2. Ferraro, A.J., Highwood, E.J., Charlton-Perez, A.J., 2014. Weakened Tropical Circulation and Reduced Precipitation in Response to Geoengineering . Environ. Res. Lett. 9, 014001.

In 2014, Ferraro et al reported on solar geoengineering’s expected impacts on tropical atmospheric circulation, which influences precipitation. They used a GCM to compare a control baseline, a world of quadruple preindustrial carbon dioxide concentration (4xCO2, an extremely high, probably impossible level that is often used in solar geoengineering to detect a signal in the noise), 4xCO2 plus solar geoengineering by simply “turning down the sun” in the model to the point that global mean surface temperature returns to its preindustrial level, and 4xCO2 plus solar geoengineering by sulfate stratospheric aerosols. Ferraro et al conclude ,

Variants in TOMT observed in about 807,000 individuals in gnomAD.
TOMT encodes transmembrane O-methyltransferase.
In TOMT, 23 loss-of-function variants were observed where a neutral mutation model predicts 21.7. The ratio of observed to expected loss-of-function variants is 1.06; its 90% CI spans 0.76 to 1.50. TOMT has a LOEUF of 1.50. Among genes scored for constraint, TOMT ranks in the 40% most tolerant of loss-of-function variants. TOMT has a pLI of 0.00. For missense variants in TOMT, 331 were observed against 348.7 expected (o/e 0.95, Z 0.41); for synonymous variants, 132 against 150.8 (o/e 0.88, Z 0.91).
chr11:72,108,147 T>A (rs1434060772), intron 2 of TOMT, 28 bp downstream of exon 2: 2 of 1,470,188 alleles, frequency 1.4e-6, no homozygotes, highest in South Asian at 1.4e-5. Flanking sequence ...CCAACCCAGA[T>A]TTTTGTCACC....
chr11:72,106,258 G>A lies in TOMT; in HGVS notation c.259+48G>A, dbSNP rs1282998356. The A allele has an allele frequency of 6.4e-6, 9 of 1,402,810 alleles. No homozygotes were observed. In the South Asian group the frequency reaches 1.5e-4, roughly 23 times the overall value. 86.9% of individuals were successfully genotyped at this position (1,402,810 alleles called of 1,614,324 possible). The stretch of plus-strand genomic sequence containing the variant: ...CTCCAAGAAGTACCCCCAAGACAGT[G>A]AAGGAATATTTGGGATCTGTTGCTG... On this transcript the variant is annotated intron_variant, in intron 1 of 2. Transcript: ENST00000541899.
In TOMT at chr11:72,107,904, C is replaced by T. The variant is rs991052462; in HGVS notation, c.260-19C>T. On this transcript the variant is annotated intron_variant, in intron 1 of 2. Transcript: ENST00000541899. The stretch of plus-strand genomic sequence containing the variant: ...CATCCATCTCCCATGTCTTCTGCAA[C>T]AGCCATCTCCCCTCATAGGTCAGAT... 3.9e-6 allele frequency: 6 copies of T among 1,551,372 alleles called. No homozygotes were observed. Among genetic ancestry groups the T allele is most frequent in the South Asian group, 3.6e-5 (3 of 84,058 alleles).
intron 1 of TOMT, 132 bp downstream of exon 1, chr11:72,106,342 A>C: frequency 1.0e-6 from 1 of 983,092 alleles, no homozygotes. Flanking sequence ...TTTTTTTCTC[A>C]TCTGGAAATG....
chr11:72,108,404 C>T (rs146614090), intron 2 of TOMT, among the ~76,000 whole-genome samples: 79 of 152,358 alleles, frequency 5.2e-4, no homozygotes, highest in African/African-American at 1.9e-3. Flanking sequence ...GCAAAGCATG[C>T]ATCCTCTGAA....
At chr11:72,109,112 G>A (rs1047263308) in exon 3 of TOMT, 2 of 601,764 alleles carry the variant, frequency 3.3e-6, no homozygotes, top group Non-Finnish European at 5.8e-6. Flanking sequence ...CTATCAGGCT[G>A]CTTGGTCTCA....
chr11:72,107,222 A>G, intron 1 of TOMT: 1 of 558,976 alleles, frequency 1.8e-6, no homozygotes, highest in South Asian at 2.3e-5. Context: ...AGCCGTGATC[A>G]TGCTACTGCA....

The tropical circulation is projected to weaken under anthropogenic global warming. Geoengineering with stratospheric sulfate aerosol does not mitigate this weakening of the circulation…. This effect is not captured when geoengineering is modelled as a reduction in total solar irradiance, suggesting caution is required when interpreting model results from solar dimming experiments as analogues for stratospheric aerosol geoengineering….

Such a weakening of the tropical circulation, in the absence of surface warming and humidity changes [i.e. as with climate change plus sulfate aerosols], would act to reduce precipitation in convective regions.

Such climatological precipitation changes are of considerable importance in regions vulnerable to droughts and floods, as well as being drivers of changes in agricultural production.